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Saturday, November 13, 2004

Ashcroft: Questioning Bush's Policies Now Equals Terrorism

In his first remarks since his resignation was announced Tuesday, Ashcroft forcefully denounced what he called "a profoundly disturbing trend" among some judges to interfere in the president's constitutional authority to make decisions during war.

"The danger I see here is that intrusive judicial oversight and second-guessing of presidential determinations in these critical areas can put at risk the very security of our nation in a time of war," Ashcroft said in a speech to the Federalist Society, a conservative lawyers group.

The Justice Department announced this week it would seek to overturn a ruling by U.S. District Judge James Robertson in the case of Salim Ahmed Hamdan, who the government contends was Osama bin Laden's driver.

Robertson halted Hamdan's trial by military commission in Guantanamo Bay, Cuba, rejecting the Bush administration's position that the Geneva Conventions governing prisoners of war do not apply to al-Qaida members because they are not soldiers of a true state and do not fight by international norms.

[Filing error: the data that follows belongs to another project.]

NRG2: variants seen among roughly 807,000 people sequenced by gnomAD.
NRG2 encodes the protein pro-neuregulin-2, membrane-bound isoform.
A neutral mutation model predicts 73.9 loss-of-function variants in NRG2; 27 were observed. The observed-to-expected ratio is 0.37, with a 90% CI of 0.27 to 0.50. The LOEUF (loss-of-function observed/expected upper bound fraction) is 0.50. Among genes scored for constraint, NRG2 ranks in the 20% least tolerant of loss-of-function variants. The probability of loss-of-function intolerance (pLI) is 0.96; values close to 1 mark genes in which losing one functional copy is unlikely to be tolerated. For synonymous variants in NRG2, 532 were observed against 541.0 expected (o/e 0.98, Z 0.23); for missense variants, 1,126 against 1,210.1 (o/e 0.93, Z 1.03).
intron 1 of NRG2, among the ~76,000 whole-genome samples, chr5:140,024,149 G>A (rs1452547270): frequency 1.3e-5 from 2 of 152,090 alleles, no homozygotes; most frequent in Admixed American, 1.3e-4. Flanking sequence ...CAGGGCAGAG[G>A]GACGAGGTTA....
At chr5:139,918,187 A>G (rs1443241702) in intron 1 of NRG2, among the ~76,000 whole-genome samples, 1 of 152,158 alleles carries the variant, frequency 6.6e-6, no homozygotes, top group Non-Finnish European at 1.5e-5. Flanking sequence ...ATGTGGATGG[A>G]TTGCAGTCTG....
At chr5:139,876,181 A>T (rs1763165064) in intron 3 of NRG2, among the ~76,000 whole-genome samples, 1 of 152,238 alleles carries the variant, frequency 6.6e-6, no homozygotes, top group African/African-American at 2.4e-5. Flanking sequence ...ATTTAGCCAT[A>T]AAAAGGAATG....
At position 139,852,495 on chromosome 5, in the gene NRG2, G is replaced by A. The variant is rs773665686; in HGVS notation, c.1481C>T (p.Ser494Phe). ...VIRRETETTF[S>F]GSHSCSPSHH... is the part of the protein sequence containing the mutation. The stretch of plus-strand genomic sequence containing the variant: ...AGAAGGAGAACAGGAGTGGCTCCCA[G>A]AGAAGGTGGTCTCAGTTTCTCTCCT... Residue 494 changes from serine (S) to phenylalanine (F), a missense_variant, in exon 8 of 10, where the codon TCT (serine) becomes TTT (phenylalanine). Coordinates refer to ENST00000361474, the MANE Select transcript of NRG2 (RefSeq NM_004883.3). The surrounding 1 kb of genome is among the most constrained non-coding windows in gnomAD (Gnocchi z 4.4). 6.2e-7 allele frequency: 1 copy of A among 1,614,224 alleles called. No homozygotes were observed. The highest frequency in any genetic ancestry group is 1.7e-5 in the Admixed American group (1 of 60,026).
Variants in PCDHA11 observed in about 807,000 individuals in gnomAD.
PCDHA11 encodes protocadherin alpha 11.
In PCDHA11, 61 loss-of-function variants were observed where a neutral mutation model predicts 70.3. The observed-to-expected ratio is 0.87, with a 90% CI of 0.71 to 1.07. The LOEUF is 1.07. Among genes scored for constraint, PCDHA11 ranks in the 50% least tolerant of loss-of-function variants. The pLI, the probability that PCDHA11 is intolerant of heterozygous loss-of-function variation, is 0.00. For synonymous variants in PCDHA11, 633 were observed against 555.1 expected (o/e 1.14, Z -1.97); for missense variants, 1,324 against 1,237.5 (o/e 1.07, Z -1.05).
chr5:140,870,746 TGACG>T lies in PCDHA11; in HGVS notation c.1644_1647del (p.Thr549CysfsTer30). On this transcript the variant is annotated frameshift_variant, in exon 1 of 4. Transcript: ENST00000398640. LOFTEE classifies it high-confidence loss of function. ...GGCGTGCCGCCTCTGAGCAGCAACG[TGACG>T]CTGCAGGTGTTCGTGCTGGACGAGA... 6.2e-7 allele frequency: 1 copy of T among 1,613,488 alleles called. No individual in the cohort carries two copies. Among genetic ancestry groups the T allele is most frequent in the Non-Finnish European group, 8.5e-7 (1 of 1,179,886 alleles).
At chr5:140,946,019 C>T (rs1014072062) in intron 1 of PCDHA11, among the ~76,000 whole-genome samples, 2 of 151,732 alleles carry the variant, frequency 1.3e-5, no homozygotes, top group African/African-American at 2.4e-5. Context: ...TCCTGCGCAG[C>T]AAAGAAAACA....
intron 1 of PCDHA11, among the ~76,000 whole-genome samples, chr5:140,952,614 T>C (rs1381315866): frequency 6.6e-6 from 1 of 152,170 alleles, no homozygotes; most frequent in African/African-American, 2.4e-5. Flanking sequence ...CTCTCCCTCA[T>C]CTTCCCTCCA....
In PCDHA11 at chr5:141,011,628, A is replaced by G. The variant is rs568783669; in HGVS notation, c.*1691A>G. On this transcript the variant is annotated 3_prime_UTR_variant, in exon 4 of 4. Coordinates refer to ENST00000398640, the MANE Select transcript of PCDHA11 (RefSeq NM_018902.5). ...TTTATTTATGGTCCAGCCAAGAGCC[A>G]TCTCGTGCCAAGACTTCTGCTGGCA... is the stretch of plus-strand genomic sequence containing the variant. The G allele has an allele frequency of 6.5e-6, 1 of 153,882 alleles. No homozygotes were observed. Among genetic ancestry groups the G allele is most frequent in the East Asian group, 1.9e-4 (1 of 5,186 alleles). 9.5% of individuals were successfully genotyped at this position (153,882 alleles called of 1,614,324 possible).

Without mentioning that case specifically, Ashcroft criticized rulings he said found "expansive private rights in treaties where they never existed" that run counter to the broad discretionary powers given the president by the Constitution.

"Courts are not equipped to execute the law. They are not accountable to the people," Ashcroft said.

Anthony Romero, executive director of the American Civil Liberties Union www.aclu.org, compared Ashcroft's remarks to those the attorney general previously made indicating that opponents of administration counterterrorism policies were assisting terrorists.

"It's entirely in line with his overt hostility to dissent, debate and judicial review," Romero said. "That further underscores the need for a wholesale review of Mr. Ashcroft's policies and a new direction in the Justice Department."

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